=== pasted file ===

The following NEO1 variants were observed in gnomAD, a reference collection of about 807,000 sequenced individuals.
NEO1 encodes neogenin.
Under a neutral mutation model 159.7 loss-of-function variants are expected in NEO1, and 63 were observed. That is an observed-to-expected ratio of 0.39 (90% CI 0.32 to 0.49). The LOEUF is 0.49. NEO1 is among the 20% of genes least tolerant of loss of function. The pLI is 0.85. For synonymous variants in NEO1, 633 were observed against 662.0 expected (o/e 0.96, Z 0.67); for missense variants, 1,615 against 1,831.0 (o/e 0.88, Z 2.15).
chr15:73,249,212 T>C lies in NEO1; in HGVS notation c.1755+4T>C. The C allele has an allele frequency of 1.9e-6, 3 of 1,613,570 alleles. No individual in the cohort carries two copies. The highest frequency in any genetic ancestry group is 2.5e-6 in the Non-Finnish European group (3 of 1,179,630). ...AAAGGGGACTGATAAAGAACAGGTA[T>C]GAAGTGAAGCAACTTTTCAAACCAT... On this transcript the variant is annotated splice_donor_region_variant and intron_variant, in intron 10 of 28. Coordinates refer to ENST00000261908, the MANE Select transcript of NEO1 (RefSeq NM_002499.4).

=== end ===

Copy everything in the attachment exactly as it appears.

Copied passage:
The following NEO1 variants were observed in gnomAD, a reference collection of about 807,000 sequenced individuals.
NEO1 encodes neogenin.
Under a neutral mutation model 159.7 loss-of-function variants are expected in NEO1, and 63 were observed. That is an observed-to-expected ratio of 0.39 (90% CI 0.32 to 0.49). The LOEUF is 0.49. NEO1 is among the 20% of genes least tolerant of loss of function. The pLI is 0.85. For synonymous variants in NEO1, 633 were observed against 662.0 expected (o/e 0.96, Z 0.67); for missense variants, 1,615 against 1,831.0 (o/e 0.88, Z 2.15).
chr15:73,249,212 T>C lies in NEO1; in HGVS notation c.1755+4T>C. The C allele has an allele frequency of 1.9e-6, 3 of 1,613,570 alleles. No individual in the cohort carries two copies. The highest frequency in any genetic ancestry group is 2.5e-6 in the Non-Finnish European group (3 of 1,179,630). ...AAAGGGGACTGATAAAGAACAGGTA[T>C]GAAGTGAAGCAACTTTTCAAACCAT... On this transcript the variant is annotated splice_donor_region_variant and intron_variant, in intron 10 of 28. Coordinates refer to ENST00000261908, the MANE Select transcript of NEO1 (RefSeq NM_002499.4).